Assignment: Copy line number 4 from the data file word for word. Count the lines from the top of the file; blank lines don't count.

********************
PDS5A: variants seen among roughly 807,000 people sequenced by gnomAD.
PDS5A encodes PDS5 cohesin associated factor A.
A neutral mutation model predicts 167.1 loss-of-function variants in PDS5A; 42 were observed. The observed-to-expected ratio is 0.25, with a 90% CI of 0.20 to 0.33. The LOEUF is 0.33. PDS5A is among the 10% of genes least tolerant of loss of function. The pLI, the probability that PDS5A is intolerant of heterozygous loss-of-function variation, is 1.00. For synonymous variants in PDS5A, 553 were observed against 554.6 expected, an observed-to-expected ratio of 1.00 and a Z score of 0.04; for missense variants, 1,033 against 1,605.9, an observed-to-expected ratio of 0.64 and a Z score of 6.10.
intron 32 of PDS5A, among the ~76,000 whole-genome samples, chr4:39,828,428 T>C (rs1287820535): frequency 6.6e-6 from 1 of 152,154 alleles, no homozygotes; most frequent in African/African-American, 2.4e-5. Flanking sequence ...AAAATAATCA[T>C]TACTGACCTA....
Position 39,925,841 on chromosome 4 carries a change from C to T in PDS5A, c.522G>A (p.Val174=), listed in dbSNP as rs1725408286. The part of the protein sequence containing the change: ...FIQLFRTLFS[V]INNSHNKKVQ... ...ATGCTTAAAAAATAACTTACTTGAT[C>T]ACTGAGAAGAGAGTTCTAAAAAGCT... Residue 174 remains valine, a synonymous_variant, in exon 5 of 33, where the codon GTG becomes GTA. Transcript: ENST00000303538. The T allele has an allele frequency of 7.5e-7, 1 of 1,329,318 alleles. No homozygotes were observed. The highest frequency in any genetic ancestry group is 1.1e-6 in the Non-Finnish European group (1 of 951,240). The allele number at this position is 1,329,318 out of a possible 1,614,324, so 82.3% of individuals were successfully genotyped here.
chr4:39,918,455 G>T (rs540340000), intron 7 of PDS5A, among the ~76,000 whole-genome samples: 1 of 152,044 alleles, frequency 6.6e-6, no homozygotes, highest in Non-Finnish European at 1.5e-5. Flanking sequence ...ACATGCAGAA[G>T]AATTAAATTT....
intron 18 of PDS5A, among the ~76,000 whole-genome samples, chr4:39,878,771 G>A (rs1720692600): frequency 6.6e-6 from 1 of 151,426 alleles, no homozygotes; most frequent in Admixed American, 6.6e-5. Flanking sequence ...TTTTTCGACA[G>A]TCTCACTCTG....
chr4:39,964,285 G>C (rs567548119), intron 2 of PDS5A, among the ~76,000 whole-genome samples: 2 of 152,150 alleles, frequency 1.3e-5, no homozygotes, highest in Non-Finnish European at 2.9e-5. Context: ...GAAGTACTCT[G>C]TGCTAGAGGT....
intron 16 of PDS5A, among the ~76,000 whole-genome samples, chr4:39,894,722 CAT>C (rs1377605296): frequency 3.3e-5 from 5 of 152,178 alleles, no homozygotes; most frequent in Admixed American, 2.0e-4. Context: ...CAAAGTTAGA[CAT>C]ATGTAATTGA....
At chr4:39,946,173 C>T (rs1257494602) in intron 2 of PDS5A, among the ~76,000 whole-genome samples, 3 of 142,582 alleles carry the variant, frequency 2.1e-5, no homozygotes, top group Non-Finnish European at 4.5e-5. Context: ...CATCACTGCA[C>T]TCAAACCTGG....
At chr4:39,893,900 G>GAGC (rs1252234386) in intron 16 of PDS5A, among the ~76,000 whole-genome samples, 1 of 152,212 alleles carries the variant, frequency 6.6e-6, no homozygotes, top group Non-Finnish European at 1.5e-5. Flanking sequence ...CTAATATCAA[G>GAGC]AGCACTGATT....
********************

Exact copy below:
intron 32 of PDS5A, among the ~76,000 whole-genome samples, chr4:39,828,428 T>C (rs1287820535): frequency 6.6e-6 from 1 of 152,154 alleles, no homozygotes; most frequent in African/African-American, 2.4e-5. Flanking sequence ...AAAATAATCA[T>C]TACTGACCTA....